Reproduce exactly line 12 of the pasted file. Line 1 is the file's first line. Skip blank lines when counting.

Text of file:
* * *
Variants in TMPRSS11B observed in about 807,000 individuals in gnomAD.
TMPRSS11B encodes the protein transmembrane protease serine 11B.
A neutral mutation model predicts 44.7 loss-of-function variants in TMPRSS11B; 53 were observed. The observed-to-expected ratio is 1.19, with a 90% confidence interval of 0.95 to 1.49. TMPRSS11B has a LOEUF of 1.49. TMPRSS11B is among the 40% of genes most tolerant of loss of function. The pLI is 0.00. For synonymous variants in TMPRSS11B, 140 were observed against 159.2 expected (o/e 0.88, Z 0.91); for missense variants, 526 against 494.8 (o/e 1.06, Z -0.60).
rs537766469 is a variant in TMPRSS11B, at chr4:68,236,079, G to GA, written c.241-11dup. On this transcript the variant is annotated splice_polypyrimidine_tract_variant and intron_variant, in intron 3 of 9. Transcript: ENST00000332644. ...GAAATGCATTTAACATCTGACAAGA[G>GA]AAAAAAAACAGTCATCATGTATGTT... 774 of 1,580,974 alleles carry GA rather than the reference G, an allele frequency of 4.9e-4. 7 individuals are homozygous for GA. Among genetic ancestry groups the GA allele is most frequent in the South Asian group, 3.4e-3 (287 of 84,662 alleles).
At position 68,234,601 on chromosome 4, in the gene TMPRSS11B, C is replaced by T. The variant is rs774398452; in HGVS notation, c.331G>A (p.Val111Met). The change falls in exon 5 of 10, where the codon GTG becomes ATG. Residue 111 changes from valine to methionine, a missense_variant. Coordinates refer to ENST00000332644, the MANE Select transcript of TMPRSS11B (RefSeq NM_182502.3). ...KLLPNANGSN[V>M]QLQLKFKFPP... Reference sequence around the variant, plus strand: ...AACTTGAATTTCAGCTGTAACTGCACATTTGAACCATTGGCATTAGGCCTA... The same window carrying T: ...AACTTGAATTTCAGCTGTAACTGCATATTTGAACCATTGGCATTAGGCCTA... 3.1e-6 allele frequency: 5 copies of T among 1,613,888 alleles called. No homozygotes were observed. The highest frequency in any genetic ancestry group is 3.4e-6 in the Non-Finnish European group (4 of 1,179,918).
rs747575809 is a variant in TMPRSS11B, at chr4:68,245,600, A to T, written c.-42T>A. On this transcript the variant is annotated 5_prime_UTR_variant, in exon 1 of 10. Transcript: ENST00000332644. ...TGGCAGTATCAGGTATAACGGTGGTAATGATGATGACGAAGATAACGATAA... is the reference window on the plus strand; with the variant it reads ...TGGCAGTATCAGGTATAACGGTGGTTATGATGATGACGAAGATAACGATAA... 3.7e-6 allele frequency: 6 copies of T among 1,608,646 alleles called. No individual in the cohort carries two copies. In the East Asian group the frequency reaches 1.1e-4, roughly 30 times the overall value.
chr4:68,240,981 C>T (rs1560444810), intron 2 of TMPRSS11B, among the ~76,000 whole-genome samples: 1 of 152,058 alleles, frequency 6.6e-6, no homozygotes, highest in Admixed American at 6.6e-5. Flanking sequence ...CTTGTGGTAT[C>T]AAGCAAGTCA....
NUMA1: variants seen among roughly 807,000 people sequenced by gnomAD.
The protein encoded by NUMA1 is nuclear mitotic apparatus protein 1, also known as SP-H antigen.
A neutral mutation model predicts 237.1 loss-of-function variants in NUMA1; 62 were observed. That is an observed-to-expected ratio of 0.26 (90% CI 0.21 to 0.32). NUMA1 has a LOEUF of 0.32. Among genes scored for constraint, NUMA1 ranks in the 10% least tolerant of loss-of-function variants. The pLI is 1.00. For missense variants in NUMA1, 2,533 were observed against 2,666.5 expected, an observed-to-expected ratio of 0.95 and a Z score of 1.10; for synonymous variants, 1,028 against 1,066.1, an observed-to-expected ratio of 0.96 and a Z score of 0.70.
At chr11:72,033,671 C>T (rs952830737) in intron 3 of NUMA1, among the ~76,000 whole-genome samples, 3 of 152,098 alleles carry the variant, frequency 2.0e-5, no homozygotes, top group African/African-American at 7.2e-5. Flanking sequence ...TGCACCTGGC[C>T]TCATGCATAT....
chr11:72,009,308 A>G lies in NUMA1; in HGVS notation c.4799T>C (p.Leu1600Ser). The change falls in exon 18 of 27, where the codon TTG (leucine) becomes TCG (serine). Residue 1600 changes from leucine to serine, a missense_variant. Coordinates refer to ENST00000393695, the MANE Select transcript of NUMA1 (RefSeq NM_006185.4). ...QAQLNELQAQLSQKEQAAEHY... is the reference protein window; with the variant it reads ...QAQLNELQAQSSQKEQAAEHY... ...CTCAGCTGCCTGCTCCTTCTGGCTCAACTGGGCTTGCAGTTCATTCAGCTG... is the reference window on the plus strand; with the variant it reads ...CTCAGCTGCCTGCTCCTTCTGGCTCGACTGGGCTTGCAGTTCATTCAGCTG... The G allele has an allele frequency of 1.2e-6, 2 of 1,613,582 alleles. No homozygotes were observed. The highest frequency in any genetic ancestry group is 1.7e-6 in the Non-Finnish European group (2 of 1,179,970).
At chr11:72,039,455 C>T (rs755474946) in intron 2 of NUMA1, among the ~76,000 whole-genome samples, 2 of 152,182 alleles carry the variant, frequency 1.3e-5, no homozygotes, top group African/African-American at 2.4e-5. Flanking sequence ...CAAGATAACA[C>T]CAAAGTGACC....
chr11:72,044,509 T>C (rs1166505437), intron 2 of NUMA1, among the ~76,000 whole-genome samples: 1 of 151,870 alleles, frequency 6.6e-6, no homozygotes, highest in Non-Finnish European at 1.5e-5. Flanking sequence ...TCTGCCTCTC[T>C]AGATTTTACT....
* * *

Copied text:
chr11:72,009,308 A>G lies in NUMA1; in HGVS notation c.4799T>C (p.Leu1600Ser). The change falls in exon 18 of 27, where the codon TTG (leucine) becomes TCG (serine). Residue 1600 changes from leucine to serine, a missense_variant. Coordinates refer to ENST00000393695, the MANE Select transcript of NUMA1 (RefSeq NM_006185.4). ...QAQLNELQAQLSQKEQAAEHY... is the reference protein window; with the variant it reads ...QAQLNELQAQSSQKEQAAEHY... ...CTCAGCTGCCTGCTCCTTCTGGCTCAACTGGGCTTGCAGTTCATTCAGCTG... is the reference window on the plus strand; with the variant it reads ...CTCAGCTGCCTGCTCCTTCTGGCTCGACTGGGCTTGCAGTTCATTCAGCTG... The G allele has an allele frequency of 1.2e-6, 2 of 1,613,582 alleles. No homozygotes were observed. The highest frequency in any genetic ancestry group is 1.7e-6 in the Non-Finnish European group (2 of 1,179,970).